In terms of lens production – Michael O’Kane of Specsavers in Edinburgh highlighted their glazing technology which has advanced systems for filtering the water involved, so that one tank of water can be continually used, rather than a constant source of water running through the machine. Again if you multiply this up across our industry and the number of machines, the water saving could be very significant. Consider this in countries where water conservation is a more pressing issue than it perhaps is here in Scotland (in December) then this type of technology is surely a great step in the right direction.
One of the best suggestions was an optometrist in South Africa asking if anyone knew how to turn waste CR39 into Gas? I suspect this could be very lucrative, but question whether the environmental credentials of such a scheme would stack up!
One final thought I had was on the topic of spectacles was the number of pairs produced as part of 2 for 1 offers. What percentage of these second pairs perhaps end up never being used? This might make an interesting audit or project for an optometry student out there. Our industry is now very commercially competitive and these offers I appreciate might be crucial from a business perspective, but wonder if in time whether there will be a shift in tis approach?
Technology and equipment
A lot of our core equipment has probably become more efficient in recent years – slit lamps now employ LED lighting systems rather than traditional tungsten. This is beneficial in two ways, in that less heat is produced with LED and this system does not require the same degree of bulb replacement as tunsgten.
An innovative way of potentially reducing the environmental burden of patients travelling to eye clinics, particularly in the hospital setting, has been developed by Forth Valley ophthalmologist, Dr Iain Livingstone. He has been working to develop an adapted i-pad that can be attached to a slit lamp in order to transmit a high quality live video stream of an eye examination to where the relevant clinician is located. This might allow for consultations to be carried out between different centres to allow a sub-specialist review a patient, or it may help in a remote and rural setting such as the Highlands and Islands region of Scotland where I work. Eye casualty cases could maybe be triaged and indeed examined at a distance, often saving the patient a 6 hour round trip, and in some cases a flight.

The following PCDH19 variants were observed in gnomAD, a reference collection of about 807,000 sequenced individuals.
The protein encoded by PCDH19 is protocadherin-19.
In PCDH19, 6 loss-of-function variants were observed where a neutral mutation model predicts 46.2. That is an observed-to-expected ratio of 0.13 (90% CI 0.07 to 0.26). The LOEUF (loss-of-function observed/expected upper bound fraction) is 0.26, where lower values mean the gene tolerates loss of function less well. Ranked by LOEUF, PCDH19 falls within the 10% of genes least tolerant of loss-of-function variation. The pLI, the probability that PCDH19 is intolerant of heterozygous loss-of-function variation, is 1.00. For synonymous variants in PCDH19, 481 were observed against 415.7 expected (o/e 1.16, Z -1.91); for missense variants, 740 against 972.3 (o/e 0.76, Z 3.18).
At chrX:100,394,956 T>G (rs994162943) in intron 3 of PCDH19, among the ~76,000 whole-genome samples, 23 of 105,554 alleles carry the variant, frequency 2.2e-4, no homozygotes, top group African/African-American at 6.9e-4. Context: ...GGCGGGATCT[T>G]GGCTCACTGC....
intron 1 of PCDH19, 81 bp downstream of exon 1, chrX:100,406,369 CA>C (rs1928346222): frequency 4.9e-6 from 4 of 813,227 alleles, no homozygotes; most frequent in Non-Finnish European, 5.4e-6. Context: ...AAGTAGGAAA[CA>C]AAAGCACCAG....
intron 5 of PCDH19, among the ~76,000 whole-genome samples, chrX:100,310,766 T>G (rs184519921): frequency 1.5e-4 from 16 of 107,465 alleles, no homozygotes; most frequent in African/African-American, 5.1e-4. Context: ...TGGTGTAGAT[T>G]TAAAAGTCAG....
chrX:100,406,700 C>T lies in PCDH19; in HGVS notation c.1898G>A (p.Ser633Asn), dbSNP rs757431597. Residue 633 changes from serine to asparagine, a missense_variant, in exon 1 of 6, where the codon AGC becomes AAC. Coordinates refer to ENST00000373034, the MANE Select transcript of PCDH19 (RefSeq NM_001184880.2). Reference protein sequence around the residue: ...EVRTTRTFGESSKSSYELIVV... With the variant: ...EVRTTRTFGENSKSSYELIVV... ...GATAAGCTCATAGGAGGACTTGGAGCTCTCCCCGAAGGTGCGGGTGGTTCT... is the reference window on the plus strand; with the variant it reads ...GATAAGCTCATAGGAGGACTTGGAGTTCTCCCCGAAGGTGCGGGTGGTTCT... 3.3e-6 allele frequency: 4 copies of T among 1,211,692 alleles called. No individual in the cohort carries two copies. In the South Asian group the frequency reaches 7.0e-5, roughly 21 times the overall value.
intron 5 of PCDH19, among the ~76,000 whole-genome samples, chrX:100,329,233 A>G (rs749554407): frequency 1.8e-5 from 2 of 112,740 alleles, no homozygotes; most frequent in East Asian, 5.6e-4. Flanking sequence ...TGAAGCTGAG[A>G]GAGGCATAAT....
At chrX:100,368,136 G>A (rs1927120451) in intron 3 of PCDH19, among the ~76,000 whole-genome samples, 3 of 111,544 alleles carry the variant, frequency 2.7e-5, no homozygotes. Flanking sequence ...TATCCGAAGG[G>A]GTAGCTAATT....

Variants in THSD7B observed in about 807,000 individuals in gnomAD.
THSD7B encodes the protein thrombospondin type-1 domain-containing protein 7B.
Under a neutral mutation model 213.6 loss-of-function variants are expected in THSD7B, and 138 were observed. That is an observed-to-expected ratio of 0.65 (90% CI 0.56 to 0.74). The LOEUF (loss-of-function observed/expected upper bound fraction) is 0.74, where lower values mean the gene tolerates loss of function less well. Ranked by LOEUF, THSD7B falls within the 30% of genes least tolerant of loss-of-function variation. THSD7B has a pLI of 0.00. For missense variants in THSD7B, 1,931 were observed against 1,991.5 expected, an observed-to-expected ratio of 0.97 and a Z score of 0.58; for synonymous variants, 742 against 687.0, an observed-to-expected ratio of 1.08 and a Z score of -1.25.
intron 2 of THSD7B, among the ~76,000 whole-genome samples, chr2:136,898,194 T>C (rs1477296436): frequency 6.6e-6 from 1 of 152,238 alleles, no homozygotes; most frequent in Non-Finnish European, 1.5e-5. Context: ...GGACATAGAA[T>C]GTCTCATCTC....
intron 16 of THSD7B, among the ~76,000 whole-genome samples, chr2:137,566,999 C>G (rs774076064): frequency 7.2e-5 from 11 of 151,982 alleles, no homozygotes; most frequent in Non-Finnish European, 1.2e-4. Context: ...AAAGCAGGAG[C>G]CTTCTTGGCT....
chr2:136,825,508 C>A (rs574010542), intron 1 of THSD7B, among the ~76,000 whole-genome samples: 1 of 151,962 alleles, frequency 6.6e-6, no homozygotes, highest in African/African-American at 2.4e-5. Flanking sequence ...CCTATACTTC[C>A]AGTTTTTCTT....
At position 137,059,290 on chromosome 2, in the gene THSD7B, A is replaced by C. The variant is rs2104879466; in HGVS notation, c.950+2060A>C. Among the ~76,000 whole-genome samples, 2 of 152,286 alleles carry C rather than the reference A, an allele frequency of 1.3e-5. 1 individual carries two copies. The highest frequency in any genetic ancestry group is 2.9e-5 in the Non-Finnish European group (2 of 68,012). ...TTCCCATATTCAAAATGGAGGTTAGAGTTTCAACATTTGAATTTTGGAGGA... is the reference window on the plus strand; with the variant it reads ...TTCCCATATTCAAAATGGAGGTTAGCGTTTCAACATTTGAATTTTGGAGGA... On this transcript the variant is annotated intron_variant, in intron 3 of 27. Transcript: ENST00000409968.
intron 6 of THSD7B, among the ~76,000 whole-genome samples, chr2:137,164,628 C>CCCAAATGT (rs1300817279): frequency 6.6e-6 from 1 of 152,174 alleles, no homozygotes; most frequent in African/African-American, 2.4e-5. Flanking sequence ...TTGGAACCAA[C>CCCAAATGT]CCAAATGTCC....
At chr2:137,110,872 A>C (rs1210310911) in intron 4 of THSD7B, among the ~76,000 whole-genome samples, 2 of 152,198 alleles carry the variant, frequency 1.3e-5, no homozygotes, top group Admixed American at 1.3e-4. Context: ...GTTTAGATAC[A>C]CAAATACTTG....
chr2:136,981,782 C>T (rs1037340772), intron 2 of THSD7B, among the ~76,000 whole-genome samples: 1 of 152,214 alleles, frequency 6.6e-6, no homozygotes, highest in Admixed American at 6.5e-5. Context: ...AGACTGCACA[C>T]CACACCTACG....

With respect to our consumable kit, I remember about 12 years ago attending a lecture on the need to transition from reusable Goldmann tonometer prisms to disposable plastic tips due to the risk of transmitting CJD and other diseases.
At the time I wondered if all the extra materials, costs, packaging was proportional to the actual risk of disease transmission, so I put my hand up and basically asked this question. Later in the talk the speaker referred to me as the ‘young environmentalist in the front,’ which I felt implied that the increased waste was a marginal consideration. I think nowadays this would be the first question for a lot people, which represents a very positive cultural shift. The move from any piece of equipment to a disposable version should be scrutinised. In recent years gonioscopy lenses have also been developed in disposable form – which removes the cleaning element to minimise the risk of transmissible disease. I do a lot of hospital glaucoma clinics, and such a change would require me to use several hundred lenses each year, where actually one seems to suffice.
General Domestic Factors
There were a lot of general tips that people cited in the online discussions. Lots of practices have reverted to LED lighting systems and are using electricity suppliers who source their power from renewable production methods. A huge move towards paperless working also helps in terms of reducing paper and printing related consumption. One tip that I wasn’t expecting, and I apologise for not remembering who highlighted this was ‘how to dry your hands with one paper-towel!’ You can become inexpert by watching this short Youtube video.
Also a lot of discussion around the sourcing and movement of supplies, with the aim of minimising miles travelled between source and eventual place of sale and use. Purchasing and sourcing supplies as locally as possible.
One final measure for energy conservation I thought of was to limit staff members to making one cup of tea or coffee a day…………….however optometry practices across the land along with the NHS eye clinics might just crumble!
We don’t have to be experts on environmental science and climate change, and I certainly don’t claim to be, but it does strike me that there are a lot of common sense and fairly logical things we can all do in our clinical life that can at least try to limit our. environmental foot-print. I hope this article has given plenty of food for thought. As usual any comments are welcome.
Thank you as always for reading!